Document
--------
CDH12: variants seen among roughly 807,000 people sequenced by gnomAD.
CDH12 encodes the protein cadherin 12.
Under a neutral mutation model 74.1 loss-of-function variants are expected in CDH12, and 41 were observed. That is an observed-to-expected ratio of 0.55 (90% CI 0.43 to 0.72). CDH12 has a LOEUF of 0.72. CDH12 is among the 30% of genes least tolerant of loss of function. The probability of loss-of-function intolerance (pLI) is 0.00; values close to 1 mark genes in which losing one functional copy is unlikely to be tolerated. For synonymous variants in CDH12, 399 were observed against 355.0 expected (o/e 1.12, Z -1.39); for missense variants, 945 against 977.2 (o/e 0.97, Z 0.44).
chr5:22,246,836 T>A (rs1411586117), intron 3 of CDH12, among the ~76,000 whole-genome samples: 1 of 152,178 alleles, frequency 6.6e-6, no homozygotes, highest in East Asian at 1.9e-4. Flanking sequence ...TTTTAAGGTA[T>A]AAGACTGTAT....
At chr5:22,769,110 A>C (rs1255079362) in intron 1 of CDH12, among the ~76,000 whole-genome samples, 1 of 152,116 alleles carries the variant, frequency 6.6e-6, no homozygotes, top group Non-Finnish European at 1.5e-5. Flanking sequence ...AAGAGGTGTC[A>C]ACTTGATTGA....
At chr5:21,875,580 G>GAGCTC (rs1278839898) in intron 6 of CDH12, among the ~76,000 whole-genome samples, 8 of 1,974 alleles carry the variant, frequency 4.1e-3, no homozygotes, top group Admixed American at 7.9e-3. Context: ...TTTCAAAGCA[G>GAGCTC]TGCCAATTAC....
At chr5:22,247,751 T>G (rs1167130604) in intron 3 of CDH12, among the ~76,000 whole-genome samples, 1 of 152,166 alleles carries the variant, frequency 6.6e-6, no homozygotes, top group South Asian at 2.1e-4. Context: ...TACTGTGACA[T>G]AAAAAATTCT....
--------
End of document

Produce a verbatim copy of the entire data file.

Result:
CDH12: variants seen among roughly 807,000 people sequenced by gnomAD.
CDH12 encodes the protein cadherin 12.
Under a neutral mutation model 74.1 loss-of-function variants are expected in CDH12, and 41 were observed. That is an observed-to-expected ratio of 0.55 (90% CI 0.43 to 0.72). CDH12 has a LOEUF of 0.72. CDH12 is among the 30% of genes least tolerant of loss of function. The probability of loss-of-function intolerance (pLI) is 0.00; values close to 1 mark genes in which losing one functional copy is unlikely to be tolerated. For synonymous variants in CDH12, 399 were observed against 355.0 expected (o/e 1.12, Z -1.39); for missense variants, 945 against 977.2 (o/e 0.97, Z 0.44).
chr5:22,246,836 T>A (rs1411586117), intron 3 of CDH12, among the ~76,000 whole-genome samples: 1 of 152,178 alleles, frequency 6.6e-6, no homozygotes, highest in East Asian at 1.9e-4. Flanking sequence ...TTTTAAGGTA[T>A]AAGACTGTAT....
At chr5:22,769,110 A>C (rs1255079362) in intron 1 of CDH12, among the ~76,000 whole-genome samples, 1 of 152,116 alleles carries the variant, frequency 6.6e-6, no homozygotes, top group Non-Finnish European at 1.5e-5. Flanking sequence ...AAGAGGTGTC[A>C]ACTTGATTGA....
At chr5:21,875,580 G>GAGCTC (rs1278839898) in intron 6 of CDH12, among the ~76,000 whole-genome samples, 8 of 1,974 alleles carry the variant, frequency 4.1e-3, no homozygotes, top group Admixed American at 7.9e-3. Context: ...TTTCAAAGCA[G>GAGCTC]TGCCAATTAC....
At chr5:22,247,751 T>G (rs1167130604) in intron 3 of CDH12, among the ~76,000 whole-genome samples, 1 of 152,166 alleles carries the variant, frequency 6.6e-6, no homozygotes, top group South Asian at 2.1e-4. Context: ...TACTGTGACA[T>G]AAAAAATTCT....